The pivot point in President Bush's statement last week opposing affirmative action in college admissions has gone, so far as I can tell, unremarked: not least because the president himself gave it little prominence.
Another cause of our oblivion is the mainstream media's reaction to any assertion that racial quotas aren't all they are cracked up to be. Oh, yes, they are, too! industrious pundits and political personalities like to shoot back, by way of keeping their own civil rights credentials brightly burnished. In which task the civil rights industry affords them regular encouragement and exhortation.
The president's point, though well-concealed, merits discussion: "(B)ecause we're committed to racial justice, we must make sure that American public schools offer a quality education to every child from every background, which is the central purpose of the education reforms I signed last year."
Let's see: What the University of Michigan wants is to get more minorities into college. Fine. Wonderful. It wants to get them in, though, for purely racial considerations. Terrible. Awful.
In ethics, the point is not that a good thing should get done but that it should get done in the right way. Racial discrimination, to which the Bush Justice Department properly objects in the two Michigan cases now before the court, is ethically the wrong way.
The right way, then, would be ... ? Bush's brief statement points the direction. It is the direction of a general upgrading in American education -- consistent with the mission of the U.S. Supreme Court when, in Brown vs. Board of Education, it ruled "separate but equal" schools "inherently unequal."
Affirmative action, wherever it comes to roost, sets up racial competition: them against us, group claim weighed against group claim. The University of Michigan cases deal with such a policy. In weighing applications for admission, the university claims the right to put its thumb on the scale in order to draw in more minorities, never mind the general presumption that the Constitution forbids racial preferences. (If it doesn't, what was the Brown decision all about?)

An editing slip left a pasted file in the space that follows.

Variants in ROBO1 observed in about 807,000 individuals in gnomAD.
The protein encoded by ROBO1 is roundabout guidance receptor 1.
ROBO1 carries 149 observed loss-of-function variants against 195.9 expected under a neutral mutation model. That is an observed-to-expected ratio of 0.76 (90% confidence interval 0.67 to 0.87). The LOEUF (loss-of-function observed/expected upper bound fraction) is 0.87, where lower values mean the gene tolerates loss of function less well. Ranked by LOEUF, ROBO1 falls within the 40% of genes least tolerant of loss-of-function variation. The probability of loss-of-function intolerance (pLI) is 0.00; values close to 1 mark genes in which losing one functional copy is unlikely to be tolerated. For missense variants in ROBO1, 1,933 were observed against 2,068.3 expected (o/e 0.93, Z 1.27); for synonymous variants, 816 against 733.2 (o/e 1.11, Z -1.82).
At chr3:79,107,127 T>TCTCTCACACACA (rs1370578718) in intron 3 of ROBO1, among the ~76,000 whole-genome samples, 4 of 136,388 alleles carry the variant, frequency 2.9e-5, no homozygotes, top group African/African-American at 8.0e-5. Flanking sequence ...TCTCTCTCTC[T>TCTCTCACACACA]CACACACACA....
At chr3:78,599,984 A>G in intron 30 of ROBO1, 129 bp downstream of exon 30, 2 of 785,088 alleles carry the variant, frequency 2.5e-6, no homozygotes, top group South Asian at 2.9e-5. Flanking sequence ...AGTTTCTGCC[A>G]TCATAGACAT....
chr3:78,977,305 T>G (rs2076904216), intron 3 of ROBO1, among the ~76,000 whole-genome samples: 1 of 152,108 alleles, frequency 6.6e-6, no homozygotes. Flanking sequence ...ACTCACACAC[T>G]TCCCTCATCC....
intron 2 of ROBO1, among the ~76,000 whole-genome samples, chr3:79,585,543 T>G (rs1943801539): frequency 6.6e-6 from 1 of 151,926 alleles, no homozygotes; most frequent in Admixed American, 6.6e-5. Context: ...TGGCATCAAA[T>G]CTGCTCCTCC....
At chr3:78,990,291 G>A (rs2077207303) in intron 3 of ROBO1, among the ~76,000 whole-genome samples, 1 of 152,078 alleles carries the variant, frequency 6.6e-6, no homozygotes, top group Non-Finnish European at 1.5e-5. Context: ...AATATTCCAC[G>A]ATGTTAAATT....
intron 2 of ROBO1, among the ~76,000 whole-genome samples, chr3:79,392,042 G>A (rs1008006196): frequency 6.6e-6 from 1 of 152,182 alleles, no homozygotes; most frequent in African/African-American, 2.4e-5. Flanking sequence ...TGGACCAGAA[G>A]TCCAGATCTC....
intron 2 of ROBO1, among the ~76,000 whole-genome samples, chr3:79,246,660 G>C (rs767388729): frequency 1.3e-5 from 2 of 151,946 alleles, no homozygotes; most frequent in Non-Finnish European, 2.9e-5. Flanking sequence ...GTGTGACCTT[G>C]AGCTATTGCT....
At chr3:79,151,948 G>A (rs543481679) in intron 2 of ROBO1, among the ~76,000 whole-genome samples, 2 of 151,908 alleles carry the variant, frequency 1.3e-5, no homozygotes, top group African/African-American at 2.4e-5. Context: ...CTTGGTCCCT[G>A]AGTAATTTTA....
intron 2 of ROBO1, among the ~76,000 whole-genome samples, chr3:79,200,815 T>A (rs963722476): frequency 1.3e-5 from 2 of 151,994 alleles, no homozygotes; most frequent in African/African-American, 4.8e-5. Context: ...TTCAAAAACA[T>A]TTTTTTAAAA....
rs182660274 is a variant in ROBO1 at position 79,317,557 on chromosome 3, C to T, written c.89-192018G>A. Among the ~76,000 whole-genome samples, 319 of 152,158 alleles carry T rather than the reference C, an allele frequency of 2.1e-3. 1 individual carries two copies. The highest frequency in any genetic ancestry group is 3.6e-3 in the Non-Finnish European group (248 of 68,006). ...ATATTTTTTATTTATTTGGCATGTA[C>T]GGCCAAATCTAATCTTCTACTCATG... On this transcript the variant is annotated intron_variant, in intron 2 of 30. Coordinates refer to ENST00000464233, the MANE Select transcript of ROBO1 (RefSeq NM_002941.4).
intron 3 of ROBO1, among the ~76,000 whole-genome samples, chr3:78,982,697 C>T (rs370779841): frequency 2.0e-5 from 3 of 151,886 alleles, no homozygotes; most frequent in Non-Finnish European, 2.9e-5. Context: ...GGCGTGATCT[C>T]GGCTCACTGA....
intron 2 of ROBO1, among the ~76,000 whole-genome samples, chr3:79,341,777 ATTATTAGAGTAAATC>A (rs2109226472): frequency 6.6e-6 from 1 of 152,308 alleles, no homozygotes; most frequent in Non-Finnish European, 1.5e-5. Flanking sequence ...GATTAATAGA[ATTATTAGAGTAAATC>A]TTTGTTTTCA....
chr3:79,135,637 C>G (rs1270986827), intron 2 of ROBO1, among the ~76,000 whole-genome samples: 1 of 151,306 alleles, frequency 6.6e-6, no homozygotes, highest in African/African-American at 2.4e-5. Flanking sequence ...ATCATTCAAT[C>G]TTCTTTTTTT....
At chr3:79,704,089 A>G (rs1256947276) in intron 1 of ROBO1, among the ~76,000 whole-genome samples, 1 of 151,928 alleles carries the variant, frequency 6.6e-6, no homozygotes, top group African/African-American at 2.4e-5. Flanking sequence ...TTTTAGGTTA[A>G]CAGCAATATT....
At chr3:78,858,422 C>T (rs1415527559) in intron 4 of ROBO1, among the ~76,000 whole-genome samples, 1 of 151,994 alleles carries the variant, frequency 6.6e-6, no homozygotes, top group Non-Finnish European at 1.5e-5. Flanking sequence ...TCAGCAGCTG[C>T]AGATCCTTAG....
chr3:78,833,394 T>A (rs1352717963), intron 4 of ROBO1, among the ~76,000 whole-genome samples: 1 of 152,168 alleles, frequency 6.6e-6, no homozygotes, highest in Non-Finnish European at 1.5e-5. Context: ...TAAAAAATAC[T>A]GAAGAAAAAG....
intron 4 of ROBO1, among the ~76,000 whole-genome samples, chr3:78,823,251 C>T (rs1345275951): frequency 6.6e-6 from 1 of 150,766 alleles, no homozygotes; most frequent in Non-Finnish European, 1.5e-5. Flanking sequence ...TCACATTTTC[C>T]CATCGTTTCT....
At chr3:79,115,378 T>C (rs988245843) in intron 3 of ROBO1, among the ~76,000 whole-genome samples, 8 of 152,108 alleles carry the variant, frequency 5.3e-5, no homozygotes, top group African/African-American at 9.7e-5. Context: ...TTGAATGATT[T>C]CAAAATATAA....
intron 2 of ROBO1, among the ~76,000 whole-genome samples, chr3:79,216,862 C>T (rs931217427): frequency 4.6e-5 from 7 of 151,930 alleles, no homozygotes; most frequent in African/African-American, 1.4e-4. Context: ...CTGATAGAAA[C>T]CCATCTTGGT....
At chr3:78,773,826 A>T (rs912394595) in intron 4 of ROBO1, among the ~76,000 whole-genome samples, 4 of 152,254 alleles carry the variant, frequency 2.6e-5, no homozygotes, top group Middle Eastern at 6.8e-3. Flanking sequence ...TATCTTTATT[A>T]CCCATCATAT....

One way or another, regardless of what the present Supreme Court does, we need to move racial discrimination off the educational playing field, where its principal achievement is the constant agitation of racial sentiments and anxieties. Over the dishwasher-like drone, no one can talk effectively.
Racial discrimination -- in the Michigan sense -- might slide toward the background if the broad and general improvement of American education made it less necessary to place a heavy and greasy thumb on the admissions scales. In such a case, individuals could compete against individuals, rather than races against races.
Whipping the schools into proper shape is obviously the major challenge. Nobody suggests, ironically enough, that schools are even as good as they were in 1954, when the Brown decision came down. As Martin Gross wrote several years ago in "The Conspiracy of Ignorance," "American public schools, from kindergarten through the senior year of high school, are miserably failing their students and the society ... (S)chool failure
... crosses all racial, religious, ethnic, and socioeconomic lines, affecting every area, from public housing in Chicago to elegant homes in our best suburbs." Every shred of evidence confirms this bleak viewpoint.
And the Bush formula for resuscitation? Um, well ... we might go slowly on that one, given the presidential reliance on standardized tests and federal control of a system meant to respond to local needs.
The really doleful loss during the past 50 years is in the high, or high-ish, educational standards on which parents and school officials alike used to insist. It should take no large grants of money to replace those intangibles -- just trans-racial will and commitment, and faith that individuals, properly trained, can stand on their own without undue support.
And what's the supply outlook on that? You could say it depends in part on the future of those trans-racial agitations bred by affirmative action -- the policy now before the U.S. Supreme Court. Soon enough, we'll see.